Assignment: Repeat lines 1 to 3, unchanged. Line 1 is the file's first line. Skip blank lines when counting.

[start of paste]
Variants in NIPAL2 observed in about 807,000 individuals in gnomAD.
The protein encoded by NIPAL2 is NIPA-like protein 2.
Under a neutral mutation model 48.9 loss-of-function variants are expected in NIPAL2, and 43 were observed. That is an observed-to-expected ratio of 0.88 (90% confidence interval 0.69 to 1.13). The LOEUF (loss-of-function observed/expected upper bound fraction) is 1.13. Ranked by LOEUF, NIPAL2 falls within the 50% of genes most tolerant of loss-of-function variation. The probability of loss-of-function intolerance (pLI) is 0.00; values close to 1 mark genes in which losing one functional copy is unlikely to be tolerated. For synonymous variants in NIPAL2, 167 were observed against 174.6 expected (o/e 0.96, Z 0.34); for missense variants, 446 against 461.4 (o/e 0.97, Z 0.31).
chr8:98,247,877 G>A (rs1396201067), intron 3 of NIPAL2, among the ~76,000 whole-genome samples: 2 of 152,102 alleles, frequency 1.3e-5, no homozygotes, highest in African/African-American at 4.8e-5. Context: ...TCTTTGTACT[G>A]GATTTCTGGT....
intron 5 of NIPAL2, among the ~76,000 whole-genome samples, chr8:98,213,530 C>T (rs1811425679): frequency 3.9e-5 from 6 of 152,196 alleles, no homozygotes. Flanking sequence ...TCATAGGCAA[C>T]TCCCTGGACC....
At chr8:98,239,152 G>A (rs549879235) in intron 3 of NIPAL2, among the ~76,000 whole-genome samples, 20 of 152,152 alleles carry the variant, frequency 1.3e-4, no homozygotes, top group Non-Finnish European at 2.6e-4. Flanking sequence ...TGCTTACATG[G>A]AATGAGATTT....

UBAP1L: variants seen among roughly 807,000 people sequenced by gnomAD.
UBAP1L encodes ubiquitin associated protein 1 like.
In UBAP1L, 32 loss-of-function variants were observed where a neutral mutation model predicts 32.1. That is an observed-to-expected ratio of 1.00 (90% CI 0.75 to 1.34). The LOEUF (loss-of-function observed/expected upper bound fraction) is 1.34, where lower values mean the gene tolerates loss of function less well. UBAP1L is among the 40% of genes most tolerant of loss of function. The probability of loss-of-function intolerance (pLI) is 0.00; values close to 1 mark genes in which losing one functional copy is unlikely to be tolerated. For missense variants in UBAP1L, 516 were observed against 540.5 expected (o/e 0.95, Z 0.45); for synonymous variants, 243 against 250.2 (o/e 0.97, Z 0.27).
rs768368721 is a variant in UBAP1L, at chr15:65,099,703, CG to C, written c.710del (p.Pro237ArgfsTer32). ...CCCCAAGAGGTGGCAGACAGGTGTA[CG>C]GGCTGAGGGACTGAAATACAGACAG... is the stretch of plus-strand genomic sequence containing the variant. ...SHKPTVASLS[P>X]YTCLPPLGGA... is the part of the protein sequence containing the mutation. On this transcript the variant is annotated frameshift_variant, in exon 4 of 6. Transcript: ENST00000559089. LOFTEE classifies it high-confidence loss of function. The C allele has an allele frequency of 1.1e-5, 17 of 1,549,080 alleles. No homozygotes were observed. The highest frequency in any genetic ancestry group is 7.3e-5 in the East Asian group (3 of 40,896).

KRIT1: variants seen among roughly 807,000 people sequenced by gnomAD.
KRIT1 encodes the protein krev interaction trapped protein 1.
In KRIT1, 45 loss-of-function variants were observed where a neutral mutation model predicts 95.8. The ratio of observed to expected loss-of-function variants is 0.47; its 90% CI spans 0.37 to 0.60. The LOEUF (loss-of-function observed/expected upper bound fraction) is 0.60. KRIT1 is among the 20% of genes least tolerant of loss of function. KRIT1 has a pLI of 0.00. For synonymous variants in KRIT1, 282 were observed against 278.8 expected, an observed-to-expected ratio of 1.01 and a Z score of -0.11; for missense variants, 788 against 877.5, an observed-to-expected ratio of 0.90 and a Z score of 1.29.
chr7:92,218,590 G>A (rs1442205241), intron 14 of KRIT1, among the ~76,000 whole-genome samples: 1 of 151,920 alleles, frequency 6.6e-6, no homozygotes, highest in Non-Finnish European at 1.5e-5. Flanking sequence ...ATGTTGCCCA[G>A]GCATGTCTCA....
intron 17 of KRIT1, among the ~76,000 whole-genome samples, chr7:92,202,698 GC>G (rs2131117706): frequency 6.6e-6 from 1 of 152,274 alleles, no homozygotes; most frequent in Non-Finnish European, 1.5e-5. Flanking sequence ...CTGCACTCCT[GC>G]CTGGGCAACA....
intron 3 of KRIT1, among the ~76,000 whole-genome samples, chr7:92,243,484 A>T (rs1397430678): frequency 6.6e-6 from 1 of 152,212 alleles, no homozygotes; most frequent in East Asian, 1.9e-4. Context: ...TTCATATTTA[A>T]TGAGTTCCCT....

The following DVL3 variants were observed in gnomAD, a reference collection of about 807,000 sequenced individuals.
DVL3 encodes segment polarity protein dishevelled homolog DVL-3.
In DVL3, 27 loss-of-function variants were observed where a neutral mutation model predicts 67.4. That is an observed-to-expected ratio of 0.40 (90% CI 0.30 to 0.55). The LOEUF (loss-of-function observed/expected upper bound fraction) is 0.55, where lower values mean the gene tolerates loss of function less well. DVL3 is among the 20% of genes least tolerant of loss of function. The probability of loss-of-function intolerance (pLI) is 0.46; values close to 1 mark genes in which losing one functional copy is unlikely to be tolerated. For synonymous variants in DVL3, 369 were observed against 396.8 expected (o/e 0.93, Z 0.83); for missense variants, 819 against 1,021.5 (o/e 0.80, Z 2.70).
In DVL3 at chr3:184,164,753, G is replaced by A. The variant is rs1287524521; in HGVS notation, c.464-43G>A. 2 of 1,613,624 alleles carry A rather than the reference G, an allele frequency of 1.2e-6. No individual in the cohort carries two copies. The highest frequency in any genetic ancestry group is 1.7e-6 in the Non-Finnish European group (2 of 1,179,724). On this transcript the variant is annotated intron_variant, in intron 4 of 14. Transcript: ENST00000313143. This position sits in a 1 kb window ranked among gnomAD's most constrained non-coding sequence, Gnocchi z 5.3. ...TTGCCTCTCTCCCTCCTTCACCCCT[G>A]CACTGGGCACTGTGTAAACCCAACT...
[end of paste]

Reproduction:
Variants in NIPAL2 observed in about 807,000 individuals in gnomAD.
The protein encoded by NIPAL2 is NIPA-like protein 2.
Under a neutral mutation model 48.9 loss-of-function variants are expected in NIPAL2, and 43 were observed. That is an observed-to-expected ratio of 0.88 (90% confidence interval 0.69 to 1.13). The LOEUF (loss-of-function observed/expected upper bound fraction) is 1.13. Ranked by LOEUF, NIPAL2 falls within the 50% of genes most tolerant of loss-of-function variation. The probability of loss-of-function intolerance (pLI) is 0.00; values close to 1 mark genes in which losing one functional copy is unlikely to be tolerated. For synonymous variants in NIPAL2, 167 were observed against 174.6 expected (o/e 0.96, Z 0.34); for missense variants, 446 against 461.4 (o/e 0.97, Z 0.31).